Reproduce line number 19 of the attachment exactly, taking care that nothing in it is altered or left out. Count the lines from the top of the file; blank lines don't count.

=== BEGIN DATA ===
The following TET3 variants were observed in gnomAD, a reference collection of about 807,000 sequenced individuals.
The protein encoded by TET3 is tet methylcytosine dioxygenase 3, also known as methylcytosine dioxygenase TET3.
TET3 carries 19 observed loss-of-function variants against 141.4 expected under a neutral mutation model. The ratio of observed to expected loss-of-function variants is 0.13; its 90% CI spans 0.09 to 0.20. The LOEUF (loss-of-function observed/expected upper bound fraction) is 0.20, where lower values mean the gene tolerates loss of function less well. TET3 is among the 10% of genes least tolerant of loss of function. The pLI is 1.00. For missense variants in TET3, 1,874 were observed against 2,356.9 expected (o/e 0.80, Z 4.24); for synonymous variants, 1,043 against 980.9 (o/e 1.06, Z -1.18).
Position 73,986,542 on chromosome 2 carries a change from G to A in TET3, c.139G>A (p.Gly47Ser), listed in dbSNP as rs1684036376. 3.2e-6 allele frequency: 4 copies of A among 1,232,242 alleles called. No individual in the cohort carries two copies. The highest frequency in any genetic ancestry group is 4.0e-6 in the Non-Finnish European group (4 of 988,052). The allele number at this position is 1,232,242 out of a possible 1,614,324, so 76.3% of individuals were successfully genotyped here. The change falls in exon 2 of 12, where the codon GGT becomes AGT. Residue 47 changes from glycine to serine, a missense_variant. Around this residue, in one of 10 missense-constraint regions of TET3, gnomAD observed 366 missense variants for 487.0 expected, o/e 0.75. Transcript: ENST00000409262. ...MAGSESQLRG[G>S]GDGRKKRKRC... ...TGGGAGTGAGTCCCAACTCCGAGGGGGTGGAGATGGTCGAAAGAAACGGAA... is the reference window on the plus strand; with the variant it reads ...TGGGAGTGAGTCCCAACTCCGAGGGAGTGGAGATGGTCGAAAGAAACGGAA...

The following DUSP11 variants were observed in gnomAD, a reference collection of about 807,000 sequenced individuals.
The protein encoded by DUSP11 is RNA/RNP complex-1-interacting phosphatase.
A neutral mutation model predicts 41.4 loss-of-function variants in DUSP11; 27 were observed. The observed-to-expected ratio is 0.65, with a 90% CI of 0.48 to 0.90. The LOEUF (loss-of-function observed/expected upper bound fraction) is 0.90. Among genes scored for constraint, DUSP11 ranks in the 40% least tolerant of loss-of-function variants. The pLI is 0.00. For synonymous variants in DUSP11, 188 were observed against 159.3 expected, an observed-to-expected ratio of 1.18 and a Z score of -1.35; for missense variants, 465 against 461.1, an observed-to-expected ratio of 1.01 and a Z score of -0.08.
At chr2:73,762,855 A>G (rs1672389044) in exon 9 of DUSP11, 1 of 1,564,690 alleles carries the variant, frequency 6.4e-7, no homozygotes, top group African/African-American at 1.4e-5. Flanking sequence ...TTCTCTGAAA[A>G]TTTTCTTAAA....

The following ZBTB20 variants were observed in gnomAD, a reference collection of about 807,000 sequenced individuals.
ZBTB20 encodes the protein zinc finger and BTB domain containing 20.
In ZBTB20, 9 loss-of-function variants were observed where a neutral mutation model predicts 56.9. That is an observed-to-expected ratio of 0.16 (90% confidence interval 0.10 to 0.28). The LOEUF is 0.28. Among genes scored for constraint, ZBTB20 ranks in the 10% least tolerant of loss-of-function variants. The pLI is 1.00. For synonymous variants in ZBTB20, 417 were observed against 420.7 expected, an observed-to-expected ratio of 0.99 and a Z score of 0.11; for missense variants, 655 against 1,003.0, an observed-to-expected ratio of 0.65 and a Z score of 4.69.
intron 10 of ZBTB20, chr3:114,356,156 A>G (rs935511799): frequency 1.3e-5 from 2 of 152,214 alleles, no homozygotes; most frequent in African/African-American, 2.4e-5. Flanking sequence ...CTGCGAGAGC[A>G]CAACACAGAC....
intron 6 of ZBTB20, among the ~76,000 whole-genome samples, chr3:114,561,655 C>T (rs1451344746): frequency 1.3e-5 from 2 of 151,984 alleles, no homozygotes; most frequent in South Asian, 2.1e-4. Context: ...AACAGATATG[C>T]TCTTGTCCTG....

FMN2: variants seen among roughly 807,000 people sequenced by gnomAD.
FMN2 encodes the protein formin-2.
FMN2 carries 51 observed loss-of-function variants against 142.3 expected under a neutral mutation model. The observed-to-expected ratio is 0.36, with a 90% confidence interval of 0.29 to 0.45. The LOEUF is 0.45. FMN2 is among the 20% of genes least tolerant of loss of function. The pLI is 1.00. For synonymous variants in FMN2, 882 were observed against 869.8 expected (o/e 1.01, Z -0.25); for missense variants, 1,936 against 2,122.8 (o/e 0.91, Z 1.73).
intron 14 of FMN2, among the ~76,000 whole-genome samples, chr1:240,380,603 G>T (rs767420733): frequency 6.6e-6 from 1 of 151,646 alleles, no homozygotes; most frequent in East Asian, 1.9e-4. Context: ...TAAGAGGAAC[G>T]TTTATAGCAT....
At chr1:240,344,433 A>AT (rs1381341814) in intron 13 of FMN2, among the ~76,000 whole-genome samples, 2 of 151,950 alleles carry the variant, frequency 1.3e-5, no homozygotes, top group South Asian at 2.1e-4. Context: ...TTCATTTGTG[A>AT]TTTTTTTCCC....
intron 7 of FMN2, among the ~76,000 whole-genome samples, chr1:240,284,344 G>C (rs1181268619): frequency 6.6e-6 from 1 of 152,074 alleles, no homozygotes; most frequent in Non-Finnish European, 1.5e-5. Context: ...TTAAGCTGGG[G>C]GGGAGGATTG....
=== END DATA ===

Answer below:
intron 7 of FMN2, among the ~76,000 whole-genome samples, chr1:240,284,344 G>C (rs1181268619): frequency 6.6e-6 from 1 of 152,074 alleles, no homozygotes; most frequent in Non-Finnish European, 1.5e-5. Context: ...TTAAGCTGGG[G>C]GGGAGGATTG....